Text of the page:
I have been affected by this experience, and in a rather nice way: I have come to appreciate women more. They aren't perfect: they ask too many dumb questions about bears. They expose too much skin in public, and almost as bad,…

Herding Dogs as a Model for Ideal Government?

Recall I was wondering how the experience of working with the general public can change a person's political views. I have thought for years that democracy was an over-rated shibboleth.

But the experience of working with the general public as a campground host has convinced me that democracy is completely impractical.

One could generalize on this and make a big project out of re-reading and re-estimating the classic authors on political science. I haven't really done that. In part it is laziness.

But it has always seemed that general thinkers float around in the clouds too much, and that they are actually lazy and inaccurate thinkers. They fall in love with their own pretty theories and think they have had the final word on the subject, and that the disciples of rival philosophers should be tortured and then put to death.

A good Baconian (like me) would rather reduce the size of an issue to something small enough to be manageable.

As an example of that consider how a general politi…

Improving Conversation, as a Campground Host

Being a campground host is not just about cleaning restrooms. There are some thought-provoking moments, as well. For instance the host gets a lot of practice in reading people quickly, and adapting his speech to the other person's needs or interests. I wish I had gotten good at this 40 years ago.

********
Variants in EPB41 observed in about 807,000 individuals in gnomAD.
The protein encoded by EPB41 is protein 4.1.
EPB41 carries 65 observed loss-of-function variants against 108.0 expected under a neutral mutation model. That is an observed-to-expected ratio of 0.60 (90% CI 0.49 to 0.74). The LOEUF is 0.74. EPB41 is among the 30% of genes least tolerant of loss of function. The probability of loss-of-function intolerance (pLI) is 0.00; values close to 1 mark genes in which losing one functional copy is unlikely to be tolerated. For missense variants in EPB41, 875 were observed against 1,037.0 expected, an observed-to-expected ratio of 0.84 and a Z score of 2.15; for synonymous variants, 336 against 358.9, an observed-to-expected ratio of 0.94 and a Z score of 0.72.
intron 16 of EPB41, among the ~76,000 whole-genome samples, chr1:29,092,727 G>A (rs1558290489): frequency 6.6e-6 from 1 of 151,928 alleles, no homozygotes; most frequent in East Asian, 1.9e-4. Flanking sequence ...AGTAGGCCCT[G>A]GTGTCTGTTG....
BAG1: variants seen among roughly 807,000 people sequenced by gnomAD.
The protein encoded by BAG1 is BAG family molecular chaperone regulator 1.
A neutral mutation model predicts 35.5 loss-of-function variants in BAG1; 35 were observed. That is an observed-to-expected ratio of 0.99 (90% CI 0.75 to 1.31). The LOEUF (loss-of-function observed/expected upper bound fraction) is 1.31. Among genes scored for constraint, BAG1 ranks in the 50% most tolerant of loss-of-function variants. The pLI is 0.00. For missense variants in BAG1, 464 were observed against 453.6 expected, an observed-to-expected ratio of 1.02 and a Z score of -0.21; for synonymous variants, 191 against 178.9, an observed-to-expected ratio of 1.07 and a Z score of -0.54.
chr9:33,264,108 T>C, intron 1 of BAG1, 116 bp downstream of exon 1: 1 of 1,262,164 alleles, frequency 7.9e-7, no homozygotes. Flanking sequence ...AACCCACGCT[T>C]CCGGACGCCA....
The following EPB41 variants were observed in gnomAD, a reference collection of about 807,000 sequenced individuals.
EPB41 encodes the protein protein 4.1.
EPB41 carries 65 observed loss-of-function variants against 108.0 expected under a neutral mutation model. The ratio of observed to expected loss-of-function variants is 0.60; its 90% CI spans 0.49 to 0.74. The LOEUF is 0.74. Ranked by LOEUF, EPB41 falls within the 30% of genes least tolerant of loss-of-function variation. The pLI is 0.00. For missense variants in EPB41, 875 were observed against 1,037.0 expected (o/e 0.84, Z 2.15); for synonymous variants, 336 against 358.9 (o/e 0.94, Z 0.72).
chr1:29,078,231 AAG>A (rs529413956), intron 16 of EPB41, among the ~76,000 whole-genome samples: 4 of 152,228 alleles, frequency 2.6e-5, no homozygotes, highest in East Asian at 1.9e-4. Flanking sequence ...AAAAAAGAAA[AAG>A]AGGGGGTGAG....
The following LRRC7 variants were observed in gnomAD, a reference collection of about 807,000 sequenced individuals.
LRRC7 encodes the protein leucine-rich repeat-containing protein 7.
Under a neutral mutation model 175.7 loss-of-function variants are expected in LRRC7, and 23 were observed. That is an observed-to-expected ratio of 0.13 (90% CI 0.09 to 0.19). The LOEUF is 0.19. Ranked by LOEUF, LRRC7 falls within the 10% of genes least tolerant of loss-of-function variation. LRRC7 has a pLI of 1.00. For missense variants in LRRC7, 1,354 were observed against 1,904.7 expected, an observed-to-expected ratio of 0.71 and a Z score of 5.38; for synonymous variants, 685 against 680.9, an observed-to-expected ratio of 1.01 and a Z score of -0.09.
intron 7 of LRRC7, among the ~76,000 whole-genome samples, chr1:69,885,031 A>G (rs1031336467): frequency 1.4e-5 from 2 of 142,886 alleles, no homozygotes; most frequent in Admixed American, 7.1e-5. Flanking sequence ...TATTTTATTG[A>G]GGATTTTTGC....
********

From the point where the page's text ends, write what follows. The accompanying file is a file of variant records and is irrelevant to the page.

Consider this quote from Boswell's classic "Life of Johnson:"

JOHNSON. 'Well, Sir, Ramsay gave us a splendid dinner. I love Ramsay. You will not find a man in whose conversation there is more instruction, more information, and more elegance, than in Ramsay's.' 

BOSWELL. 'What I admire in Ramsay, is his continuing to be so young.' 
JOHNSON. 'Why, yes, Sir, it is to be admired. I value myself upon this, that there is nothing of the old man in my conversation. I am now sixty-eight, and I have no more of it than at twenty-eight.'
This is certainly something to think about when the host is older than most of the campers. Some of my desire to avoid 'old …

Switch in Political Affiliation?

Could the experience of being a campground host change a person's political orientation? Perhaps it is worth generalizing this to: will working with the general public change your political views?

I am inclined to answer, Yes. I seem to be switching from libertarian to MRAG, that is, Mildly Repressive Authoritarian Regimes.

This switch does not please me. But there is a big caveat: seeing tourists all day is like teaching second grade. The tourist is not really an adult. Implicit in the libertarian viewpoint is the idea that you are dealing with adults who are responsible for their actions.

The child or adolescent gives little concern for the long term consequences of its actions. And it gives no concern for the effect on other people.

Society as a whole has become progressively more adolescent over the last hundred years. The welfare state deserves its share of the credit for this. But even more, the culture of consumer debt has enabled a childish "Gimme it now" mindset tha…

Why Are Jeeps So Wide?

The other day my dog and I were starting our descent from near treeline. We encountered a couple Jeep Wranglers coming up the mountain road. The Jeeps were barely inching forward, and rightly so: they were so wide that they barely fit on the alpine road.

At first I thought it was some kind of optical illusion. After all, it is just common sense to keep a "4WD" (four wheeler's) machine narrow so it can fit between boulders. 

But there is a simple historical explanation for this bit of motorsport silliness: back in the 1990s, when soccer moms started using Jeeps as daily drivers to their cubicle or grocery store, a few of them flipped over on freeway exits. Of course they did -- a narrow wheelbase and high center-of-gravity should do that. That is why you shouldn't take freeway exit ramps at 70 mph in this type of vehicle.

Then the media made a big deal about it, which brought in the safety regulators. So, today we have Jeeps as wide as full-size pickup trucks.

Is there a …

Tourists, and the Brains God Gave a Goose

A couple hundred cows (and a couple bulls) came through the campground recently. Therefore there was a huge up-spike in the average IQ of the campground. Do you think I am exaggerating?